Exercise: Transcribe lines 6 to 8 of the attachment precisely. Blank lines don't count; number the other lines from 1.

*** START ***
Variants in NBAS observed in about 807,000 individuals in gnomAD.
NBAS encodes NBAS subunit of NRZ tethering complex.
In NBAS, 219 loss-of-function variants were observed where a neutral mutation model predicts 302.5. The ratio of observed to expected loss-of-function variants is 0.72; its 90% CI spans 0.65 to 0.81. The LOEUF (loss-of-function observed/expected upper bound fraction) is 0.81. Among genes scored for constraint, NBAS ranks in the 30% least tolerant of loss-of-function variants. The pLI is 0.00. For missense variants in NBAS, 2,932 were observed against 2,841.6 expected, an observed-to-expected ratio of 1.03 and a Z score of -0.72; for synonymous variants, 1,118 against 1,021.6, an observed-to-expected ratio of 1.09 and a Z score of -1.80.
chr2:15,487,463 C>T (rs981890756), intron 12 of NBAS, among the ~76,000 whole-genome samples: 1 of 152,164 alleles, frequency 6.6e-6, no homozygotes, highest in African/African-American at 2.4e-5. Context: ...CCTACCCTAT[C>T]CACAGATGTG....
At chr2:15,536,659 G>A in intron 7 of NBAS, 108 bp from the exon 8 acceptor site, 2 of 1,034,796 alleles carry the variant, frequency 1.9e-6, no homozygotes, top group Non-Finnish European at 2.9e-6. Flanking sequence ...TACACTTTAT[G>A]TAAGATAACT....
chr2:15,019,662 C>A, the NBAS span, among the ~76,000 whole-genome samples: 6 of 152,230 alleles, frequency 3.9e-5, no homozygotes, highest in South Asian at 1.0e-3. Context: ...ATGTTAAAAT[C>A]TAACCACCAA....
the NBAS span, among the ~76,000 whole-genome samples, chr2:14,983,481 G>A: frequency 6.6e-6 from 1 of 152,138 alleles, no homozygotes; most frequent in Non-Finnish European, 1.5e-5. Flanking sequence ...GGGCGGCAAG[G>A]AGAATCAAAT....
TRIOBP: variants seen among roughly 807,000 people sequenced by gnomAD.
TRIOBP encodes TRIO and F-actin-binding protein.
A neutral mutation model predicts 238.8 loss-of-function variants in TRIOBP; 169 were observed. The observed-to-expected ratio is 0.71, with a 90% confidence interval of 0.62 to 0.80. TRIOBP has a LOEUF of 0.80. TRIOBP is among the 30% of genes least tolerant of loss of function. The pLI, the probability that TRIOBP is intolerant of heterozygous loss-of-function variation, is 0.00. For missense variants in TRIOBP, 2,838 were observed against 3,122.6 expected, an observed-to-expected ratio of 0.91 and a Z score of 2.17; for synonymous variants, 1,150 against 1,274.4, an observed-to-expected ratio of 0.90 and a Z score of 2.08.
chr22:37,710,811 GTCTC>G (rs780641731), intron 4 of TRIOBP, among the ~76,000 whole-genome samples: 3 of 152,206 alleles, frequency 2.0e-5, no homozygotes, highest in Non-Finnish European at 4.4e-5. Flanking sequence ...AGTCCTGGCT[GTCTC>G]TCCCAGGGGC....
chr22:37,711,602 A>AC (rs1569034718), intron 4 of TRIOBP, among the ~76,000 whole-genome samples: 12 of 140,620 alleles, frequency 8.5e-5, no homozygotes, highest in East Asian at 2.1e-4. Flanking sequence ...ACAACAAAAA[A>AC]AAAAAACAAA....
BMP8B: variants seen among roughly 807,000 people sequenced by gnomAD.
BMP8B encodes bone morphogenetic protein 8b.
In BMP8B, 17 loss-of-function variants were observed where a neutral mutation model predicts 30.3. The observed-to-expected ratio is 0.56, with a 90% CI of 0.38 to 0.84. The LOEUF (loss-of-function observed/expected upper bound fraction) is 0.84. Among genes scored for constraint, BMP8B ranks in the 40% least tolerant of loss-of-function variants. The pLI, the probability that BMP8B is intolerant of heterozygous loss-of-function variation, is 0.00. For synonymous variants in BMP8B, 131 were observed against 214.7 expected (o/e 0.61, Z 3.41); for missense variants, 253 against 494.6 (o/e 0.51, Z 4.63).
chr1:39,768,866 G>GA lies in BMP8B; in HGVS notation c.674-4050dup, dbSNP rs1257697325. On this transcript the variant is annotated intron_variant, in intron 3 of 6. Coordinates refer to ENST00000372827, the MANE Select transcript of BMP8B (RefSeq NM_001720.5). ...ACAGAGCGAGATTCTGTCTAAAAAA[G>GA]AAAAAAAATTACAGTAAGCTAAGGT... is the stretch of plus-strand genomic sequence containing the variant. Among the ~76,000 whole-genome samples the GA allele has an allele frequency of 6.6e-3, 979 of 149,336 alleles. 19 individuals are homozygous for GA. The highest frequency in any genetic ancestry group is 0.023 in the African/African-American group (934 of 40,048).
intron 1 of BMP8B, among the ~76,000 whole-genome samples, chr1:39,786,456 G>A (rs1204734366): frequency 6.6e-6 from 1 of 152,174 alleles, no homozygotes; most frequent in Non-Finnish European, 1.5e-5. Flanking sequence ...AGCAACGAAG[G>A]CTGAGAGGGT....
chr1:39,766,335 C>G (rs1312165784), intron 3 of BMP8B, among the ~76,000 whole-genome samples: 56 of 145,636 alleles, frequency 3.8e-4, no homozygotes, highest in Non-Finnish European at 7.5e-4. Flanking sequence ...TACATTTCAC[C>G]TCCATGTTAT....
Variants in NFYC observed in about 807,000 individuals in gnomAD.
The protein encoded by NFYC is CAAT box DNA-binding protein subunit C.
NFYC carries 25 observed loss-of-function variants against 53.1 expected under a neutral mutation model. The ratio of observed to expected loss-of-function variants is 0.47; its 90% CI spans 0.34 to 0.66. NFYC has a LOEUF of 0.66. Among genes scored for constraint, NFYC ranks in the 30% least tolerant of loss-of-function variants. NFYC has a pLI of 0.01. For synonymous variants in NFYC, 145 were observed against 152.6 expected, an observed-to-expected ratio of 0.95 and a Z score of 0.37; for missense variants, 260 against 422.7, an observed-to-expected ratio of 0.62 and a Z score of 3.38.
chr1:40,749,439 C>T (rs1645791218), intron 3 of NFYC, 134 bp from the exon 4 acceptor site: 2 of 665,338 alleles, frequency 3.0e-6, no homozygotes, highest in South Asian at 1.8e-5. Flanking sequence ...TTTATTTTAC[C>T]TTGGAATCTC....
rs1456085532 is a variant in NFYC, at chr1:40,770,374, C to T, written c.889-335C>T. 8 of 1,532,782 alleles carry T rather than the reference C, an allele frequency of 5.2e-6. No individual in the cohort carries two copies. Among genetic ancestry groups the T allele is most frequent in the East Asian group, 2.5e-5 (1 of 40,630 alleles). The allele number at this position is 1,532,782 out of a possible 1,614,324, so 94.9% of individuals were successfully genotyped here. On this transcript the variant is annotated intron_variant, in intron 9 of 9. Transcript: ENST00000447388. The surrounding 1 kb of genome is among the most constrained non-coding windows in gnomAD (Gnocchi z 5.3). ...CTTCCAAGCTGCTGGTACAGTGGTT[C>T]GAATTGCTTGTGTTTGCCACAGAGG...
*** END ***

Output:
chr2:15,019,662 C>A, the NBAS span, among the ~76,000 whole-genome samples: 6 of 152,230 alleles, frequency 3.9e-5, no homozygotes, highest in South Asian at 1.0e-3. Context: ...ATGTTAAAAT[C>A]TAACCACCAA....
the NBAS span, among the ~76,000 whole-genome samples, chr2:14,983,481 G>A: frequency 6.6e-6 from 1 of 152,138 alleles, no homozygotes; most frequent in Non-Finnish European, 1.5e-5. Flanking sequence ...GGGCGGCAAG[G>A]AGAATCAAAT....
TRIOBP: variants seen among roughly 807,000 people sequenced by gnomAD.